This year’s second EdTechTeacher Summit brought teachers and other education professionals together from all over the country to the Revere Hotel in Boston, Mass. for two days of hands-on technology integration sessions this week.
The summit featured a number of high-profile keynote speakers, including Monica Burns, Ed.D, author of Tasks Before Apps, and Ayanna Howard, Ph.D., the Linda J. and Mark C. Smith professor and chair of the School of Interactive Computing in the College of Computing at the Georgia Institute of Technology.
Since Tuesday, those attending have shared powerful statements from speakers via Twitter, providing a glimpse in to the strong sense of purpose and re-invigoration fostered during the summit:
"If teaching came with a GPS, it would mostly say 'Recalculating'." Create Combustible Classrooms session at #ettsummit
— Tom Daccord (@thomasdaccord) November 6, 2018
— Sarah Olson (@LGLibraryLady) November 7, 2018
— Rosey McQuillan (@romcquill) November 7, 2018
The event kicked off with several pre-conference activities on Monday, giving early-arriving attendees the opportunity to join one of seven full-day immersive workshops. These included a session titled “Leading Teachers from Monday to Someday” held by EdtechTeacher CEO and Co-Founder Tom Daccord himself, which focused on helping teachers implement technology in small steps to build their confidence and lay a foundation for meaningful use of education technology in the future.
The message underlying Daccord’s workshop was reflected in the organization of the more than 60 sessions offered at the summit. Teachers chose from workshops in three different areas- edtechNow, edtechNext, and edThought- which focused respectively on accessible tools teachers can use in the classroom right away, technologies that are up-and-coming in education, and broader ideas related to edtech.
Session topics ranged from the anticipated and practical (“Interactive Notebooks Gone Digital”, “Podcasting in EDU”) to the quirky and unforeseen (“Digital Escape Rooms”, “Exploring Anne Frank’s Reality: A Virtual Tour.”)
Several speakers highlighted the growing share of AR and VR tools and apps that teachers have at their disposal for use in the classroom. Robert Kalman, Digital Design Teacher and Tech Integrator at Eric S. Smith Middle School in Ramsey, New Jersey, shared more about why he attended the conference to lead his session “Exploring Augmented Reality in EDU.”
His speech focused on affordable new AR tools teachers can use in their classrooms today without having to purchase expensive devices.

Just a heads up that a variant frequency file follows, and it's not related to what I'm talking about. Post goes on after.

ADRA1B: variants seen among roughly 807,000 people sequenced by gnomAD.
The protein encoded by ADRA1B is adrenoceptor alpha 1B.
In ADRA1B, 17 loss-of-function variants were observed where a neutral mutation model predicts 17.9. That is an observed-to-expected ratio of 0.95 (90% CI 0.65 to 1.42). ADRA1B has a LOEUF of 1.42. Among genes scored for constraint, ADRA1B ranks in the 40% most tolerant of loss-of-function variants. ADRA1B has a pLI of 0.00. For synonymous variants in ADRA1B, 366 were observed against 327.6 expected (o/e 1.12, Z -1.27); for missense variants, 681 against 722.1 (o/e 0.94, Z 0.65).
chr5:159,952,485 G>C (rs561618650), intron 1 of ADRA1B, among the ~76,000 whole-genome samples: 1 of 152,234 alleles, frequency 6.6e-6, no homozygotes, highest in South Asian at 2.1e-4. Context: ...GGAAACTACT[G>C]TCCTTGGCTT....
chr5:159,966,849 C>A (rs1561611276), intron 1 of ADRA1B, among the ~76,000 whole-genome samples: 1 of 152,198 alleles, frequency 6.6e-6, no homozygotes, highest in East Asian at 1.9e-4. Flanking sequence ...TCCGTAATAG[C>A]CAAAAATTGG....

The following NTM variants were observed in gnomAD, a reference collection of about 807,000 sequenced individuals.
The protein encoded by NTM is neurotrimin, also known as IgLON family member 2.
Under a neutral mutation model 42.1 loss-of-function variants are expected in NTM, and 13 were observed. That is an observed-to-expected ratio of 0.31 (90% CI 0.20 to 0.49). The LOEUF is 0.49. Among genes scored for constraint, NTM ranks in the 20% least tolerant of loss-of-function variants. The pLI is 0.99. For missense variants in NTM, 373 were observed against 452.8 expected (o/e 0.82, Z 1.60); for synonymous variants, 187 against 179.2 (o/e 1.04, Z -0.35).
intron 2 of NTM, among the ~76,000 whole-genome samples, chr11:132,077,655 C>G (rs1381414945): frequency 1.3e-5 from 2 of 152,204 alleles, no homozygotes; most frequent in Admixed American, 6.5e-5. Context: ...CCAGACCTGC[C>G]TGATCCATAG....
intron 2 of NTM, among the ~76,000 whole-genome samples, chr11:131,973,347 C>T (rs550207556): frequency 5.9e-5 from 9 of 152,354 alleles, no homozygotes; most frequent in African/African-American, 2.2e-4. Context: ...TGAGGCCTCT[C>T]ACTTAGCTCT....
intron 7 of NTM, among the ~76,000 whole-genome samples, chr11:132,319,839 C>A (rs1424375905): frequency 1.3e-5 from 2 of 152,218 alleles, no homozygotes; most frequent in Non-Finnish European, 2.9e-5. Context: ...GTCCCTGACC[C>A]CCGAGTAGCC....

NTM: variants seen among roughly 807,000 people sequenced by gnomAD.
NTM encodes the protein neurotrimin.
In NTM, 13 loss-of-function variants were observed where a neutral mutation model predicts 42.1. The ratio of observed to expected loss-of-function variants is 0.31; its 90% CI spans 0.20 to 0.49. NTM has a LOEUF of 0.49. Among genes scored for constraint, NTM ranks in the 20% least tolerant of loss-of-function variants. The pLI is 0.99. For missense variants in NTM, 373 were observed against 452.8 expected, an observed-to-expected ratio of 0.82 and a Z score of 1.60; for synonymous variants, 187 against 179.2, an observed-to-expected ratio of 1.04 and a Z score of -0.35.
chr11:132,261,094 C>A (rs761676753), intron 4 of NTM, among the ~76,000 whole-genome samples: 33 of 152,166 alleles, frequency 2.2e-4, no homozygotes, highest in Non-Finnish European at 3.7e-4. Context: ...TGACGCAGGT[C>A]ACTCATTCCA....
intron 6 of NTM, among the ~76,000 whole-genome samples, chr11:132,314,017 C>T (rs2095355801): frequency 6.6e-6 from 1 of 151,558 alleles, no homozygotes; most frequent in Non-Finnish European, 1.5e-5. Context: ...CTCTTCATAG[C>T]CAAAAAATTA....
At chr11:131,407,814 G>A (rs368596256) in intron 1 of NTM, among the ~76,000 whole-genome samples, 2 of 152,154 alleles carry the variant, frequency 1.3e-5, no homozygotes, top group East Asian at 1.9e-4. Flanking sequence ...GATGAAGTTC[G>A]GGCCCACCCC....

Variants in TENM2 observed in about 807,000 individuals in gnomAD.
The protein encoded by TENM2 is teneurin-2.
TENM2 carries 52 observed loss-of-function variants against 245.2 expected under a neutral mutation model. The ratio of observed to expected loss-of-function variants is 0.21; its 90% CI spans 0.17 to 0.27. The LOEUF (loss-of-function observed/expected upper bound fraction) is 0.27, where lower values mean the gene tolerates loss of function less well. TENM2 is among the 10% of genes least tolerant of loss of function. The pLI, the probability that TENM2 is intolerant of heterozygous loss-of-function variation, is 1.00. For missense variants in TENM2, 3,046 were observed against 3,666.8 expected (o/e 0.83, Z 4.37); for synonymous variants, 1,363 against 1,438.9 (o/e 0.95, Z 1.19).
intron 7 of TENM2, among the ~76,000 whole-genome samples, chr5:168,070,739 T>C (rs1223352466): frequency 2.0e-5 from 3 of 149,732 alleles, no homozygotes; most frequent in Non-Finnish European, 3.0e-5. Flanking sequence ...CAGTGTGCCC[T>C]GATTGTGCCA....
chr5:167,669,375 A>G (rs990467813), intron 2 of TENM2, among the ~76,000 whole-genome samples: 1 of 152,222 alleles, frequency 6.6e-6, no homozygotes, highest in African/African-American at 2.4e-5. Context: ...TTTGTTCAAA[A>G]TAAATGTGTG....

“Over the last couple years, the advancements with the processors in phones and tablets have made AR and VR apps much more accessible. My presentation was kind of broken down into AR consumption and AR creation. The exciting thing is that students now cannot only consume AR and VR experiences, but they can make their own using a bunch of different tools, which is cool” he said.“ That can branch into a variety of projects that bring in different content areas.”
— EdTechTeacher (@EdTechTeacher21) November 6, 2018
Regarding the role that technology is playing in education, Kalman emphasized that AR and VR are not slated to replace existing teaching methods. Rather, they enhance learning already happening in the classroom by providing context for instructional content and by increasing student engagement.
“EdtechTeacher really tries to focus on not just grasping for what’s the shiny new toy, but [being] more responsible and open-minded in terms of still doing what is pedagogically sound. So, AR and VR give the opportunity for students to experience different things, whether it’s digitally seeing it, or experimenting with it in a different sort of way,” Kalman said. “Definitely the powerful thing is the engagement. If students are engaged, they’ll be more motivated and interested and put forth higher effort and it will ultimately create valuable learning experiences.”
— EdTechTeacher (@EdTechTeacher21) November 5, 2018
Kalman also provided some broader insight into the value the conference had for teachers who may need some inspiration.
“The whole thing is very well organized. Definitely a very positive energy. It’s more of a boutique sort of conference. It’s not too big. Everyone is there because they want to be there and [there are] very high-quality presenters,” he said.
Kalman underscored how much he appreciates the summit’s focus on responsibility and digital citizenship in schools’ use of technology.
“The unique part is that [EdtechTeacher] always tries to place emphasis on not just doing the technology for technology’s sake, but also discussing the potential implications of using these technologies” he noted. “For instance, with augmented reality and virtual reality, are there possible consequences for people having these devices strapped to their heads? If used in the wrong way, can AR and VR cause problems? Because if you’re augmenting reality, could people augment it to create falsehoods?”
EDTechTeacher’s next conference will be the Innovation in Education Summit in San Diego on Feb. 4-5, 2019.